Campus & Community

Research in brief

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New research shows Pin1 enzyme key in preventing onset of Alzheimer’s

New research shows Pin1 enzyme key in preventing onset of Alzheimers

A new discovery has found that Pin1, an enzyme previously shown to prevent the formation of the tanglelike lesions found in the brains of Alzheimer’s disease patients, also plays a pivotal role in guarding against the development of amyloid peptide plaques, the second brain lesion that characterizes Alzheimer’s.

These new findings, shown in an animal study, provide further evidence that Pin1 (prolyl isomerase) is essential to protect individuals from age-related neurodegeneration and for the first time establish a direct link between amyloid plaques and tau tangles, the two abnormal structures that are considered the pathological hallmarks of this devastating disease. Led by researchers at Beth Israel Deaconess Medical Center (BIDMC) and Harvard Medical School, the study appears in the March 23 issue of the journal Nature.

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Novel vaccine approach stimulates protective immunity against Listeria

When bacterial pathogens attack the surface of a cell, vaccine-induced antibodies can mount a formidable defense and fend off the bad bugs. The trouble comes when antibodies cannot recognize the pathogen because the bacteria have infected the cell and are hidden, growing inside the cell’s wall. To mount a defense against these cloaked attackers, Darren Higgins, associate professor of microbiology at Harvard Medical School, and H.G. Archie Bouwer, immunology research scientist at the Earle A. Chiles Research Institute and Portland VA Medical Center, have developed a vaccine strategy for generating an attenuated strain of an intracellular bacterial pathogen. The vaccine approach could also protect against other intracellular bacterial pathogens, such as tularemia. The study appears in the Proceedings of the National Academy of Sciences (PNAS) online early edition the week of March 20.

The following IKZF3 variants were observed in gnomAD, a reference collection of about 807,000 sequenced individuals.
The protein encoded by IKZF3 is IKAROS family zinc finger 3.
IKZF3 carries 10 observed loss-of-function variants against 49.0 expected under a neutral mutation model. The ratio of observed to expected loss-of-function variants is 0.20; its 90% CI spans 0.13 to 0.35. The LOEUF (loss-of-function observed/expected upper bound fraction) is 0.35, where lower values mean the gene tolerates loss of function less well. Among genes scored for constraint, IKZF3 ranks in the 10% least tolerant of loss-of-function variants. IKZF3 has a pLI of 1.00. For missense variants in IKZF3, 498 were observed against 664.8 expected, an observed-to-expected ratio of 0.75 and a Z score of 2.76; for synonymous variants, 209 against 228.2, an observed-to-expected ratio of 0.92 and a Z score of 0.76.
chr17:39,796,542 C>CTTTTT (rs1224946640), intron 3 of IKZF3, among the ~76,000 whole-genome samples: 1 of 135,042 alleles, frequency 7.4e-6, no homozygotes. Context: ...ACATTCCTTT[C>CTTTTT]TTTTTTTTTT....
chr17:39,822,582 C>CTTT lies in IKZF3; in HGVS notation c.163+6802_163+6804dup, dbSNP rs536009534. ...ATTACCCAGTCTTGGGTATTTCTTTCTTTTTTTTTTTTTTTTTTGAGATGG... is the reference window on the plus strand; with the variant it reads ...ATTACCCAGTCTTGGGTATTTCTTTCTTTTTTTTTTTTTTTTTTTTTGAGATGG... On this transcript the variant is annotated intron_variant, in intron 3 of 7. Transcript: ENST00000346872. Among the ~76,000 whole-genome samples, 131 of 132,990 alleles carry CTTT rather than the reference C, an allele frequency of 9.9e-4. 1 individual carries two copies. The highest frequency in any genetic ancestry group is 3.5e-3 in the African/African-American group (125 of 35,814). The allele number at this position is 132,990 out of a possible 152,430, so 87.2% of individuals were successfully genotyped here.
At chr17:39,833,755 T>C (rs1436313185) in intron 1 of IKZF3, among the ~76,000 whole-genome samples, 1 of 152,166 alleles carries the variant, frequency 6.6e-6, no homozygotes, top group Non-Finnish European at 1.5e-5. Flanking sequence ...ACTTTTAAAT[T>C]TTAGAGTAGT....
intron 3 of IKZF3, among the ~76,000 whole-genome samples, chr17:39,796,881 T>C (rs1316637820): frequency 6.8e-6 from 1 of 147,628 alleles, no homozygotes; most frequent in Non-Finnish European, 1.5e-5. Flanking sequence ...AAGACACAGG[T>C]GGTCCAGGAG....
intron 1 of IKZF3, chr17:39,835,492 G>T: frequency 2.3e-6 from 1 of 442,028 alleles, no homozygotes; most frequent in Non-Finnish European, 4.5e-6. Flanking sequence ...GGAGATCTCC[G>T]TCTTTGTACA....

The team has initially applied its strategy to Listeria monocytogenes, which affects the most vulnerable humans – the chronically ill, the elderly, pregnant women, and young children – who are susceptible to a serious infection caused by eating food contaminated with the bacteria. In the United States, an estimated 2,500 persons become seriously ill with the infection each year. Of these, 500 die.

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– Compiled by Alec Solomita